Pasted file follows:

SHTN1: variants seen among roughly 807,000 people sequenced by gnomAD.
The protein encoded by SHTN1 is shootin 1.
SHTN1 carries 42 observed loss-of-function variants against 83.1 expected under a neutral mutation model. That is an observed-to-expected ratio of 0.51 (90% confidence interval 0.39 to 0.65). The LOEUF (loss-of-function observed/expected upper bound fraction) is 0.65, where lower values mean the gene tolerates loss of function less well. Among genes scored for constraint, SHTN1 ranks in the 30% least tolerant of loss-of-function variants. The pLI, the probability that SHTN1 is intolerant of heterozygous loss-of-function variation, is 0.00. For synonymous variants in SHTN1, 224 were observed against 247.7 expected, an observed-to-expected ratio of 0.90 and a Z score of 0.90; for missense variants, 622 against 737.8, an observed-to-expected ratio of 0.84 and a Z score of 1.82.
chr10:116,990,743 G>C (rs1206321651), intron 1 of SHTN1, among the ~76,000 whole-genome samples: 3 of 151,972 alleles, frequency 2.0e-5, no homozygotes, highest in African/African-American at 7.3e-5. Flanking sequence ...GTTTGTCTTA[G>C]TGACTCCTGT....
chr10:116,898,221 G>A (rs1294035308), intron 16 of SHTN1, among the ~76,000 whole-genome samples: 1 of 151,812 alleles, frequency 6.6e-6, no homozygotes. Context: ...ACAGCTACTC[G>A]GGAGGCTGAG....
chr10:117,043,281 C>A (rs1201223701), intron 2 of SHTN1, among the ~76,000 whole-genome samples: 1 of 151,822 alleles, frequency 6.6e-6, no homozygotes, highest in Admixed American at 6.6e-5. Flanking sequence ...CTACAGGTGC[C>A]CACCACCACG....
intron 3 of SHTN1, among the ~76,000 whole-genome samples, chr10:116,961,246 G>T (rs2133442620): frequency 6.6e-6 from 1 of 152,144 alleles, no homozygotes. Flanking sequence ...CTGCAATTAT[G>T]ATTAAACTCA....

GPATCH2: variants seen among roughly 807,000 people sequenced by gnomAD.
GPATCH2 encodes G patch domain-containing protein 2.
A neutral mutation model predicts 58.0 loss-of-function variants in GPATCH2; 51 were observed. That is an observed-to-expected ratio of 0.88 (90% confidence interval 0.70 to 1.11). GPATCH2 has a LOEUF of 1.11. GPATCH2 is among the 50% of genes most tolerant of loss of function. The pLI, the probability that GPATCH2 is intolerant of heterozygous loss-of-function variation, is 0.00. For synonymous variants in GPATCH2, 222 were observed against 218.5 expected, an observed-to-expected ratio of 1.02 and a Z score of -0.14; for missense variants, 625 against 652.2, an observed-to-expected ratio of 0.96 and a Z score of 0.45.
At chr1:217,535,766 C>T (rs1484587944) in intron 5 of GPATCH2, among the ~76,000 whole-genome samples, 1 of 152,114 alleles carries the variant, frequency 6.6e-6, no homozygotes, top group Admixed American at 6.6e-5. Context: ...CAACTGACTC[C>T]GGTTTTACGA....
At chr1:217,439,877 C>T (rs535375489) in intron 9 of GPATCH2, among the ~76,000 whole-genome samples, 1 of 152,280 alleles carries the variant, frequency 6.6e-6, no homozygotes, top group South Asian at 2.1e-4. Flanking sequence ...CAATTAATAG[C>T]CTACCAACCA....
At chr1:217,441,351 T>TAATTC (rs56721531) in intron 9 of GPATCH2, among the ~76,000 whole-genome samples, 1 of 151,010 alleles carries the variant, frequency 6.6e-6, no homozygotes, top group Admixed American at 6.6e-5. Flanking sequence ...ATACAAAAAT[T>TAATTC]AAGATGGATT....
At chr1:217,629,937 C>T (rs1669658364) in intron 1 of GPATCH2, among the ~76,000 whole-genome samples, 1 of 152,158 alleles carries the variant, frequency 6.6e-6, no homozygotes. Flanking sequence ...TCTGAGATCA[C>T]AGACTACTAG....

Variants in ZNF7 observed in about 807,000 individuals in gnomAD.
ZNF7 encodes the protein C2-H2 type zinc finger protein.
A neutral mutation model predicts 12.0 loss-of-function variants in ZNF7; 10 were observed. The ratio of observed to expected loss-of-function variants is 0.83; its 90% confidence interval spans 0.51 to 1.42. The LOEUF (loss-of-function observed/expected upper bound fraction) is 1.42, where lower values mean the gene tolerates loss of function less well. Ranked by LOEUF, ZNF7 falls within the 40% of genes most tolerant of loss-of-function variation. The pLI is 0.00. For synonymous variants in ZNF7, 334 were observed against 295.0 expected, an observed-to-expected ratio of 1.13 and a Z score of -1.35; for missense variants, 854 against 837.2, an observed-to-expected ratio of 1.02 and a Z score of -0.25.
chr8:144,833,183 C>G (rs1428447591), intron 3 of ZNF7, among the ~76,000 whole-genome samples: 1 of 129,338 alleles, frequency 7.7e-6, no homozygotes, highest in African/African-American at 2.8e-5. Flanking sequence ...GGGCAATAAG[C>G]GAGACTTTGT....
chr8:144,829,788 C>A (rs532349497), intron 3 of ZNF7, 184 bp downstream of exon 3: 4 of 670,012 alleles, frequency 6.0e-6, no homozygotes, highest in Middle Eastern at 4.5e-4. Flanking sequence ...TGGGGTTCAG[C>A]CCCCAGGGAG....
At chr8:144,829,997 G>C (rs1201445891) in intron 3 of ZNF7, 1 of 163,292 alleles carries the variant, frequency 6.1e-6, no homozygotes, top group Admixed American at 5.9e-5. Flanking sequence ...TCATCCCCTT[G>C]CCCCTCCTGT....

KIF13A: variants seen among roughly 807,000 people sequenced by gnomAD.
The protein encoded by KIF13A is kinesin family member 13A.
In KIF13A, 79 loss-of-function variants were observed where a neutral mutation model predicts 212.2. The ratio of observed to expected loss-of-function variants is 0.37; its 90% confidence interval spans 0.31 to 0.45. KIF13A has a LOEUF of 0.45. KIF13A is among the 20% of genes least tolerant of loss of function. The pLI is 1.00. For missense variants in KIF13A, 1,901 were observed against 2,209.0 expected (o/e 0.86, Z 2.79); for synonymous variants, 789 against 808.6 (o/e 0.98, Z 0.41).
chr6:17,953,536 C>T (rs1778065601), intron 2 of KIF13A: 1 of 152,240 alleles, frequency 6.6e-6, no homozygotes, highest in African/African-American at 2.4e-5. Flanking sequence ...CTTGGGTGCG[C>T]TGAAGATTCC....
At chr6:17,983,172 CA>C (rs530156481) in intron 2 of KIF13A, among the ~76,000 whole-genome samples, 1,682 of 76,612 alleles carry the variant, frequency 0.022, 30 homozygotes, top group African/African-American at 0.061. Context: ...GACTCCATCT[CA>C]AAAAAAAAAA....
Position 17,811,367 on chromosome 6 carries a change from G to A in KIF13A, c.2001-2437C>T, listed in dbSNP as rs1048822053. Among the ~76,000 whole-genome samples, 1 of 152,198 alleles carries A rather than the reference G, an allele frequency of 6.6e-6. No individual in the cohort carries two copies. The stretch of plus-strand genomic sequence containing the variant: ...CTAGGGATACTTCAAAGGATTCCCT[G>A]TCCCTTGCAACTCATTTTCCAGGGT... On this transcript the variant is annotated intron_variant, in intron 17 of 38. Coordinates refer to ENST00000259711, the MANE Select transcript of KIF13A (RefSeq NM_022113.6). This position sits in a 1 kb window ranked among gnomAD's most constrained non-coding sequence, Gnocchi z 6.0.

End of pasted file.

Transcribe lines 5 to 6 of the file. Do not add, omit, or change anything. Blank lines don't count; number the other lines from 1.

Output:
chr10:116,898,221 G>A (rs1294035308), intron 16 of SHTN1, among the ~76,000 whole-genome samples: 1 of 151,812 alleles, frequency 6.6e-6, no homozygotes. Context: ...ACAGCTACTC[G>A]GGAGGCTGAG....
chr10:117,043,281 C>A (rs1201223701), intron 2 of SHTN1, among the ~76,000 whole-genome samples: 1 of 151,822 alleles, frequency 6.6e-6, no homozygotes, highest in Admixed American at 6.6e-5. Flanking sequence ...CTACAGGTGC[C>A]CACCACCACG....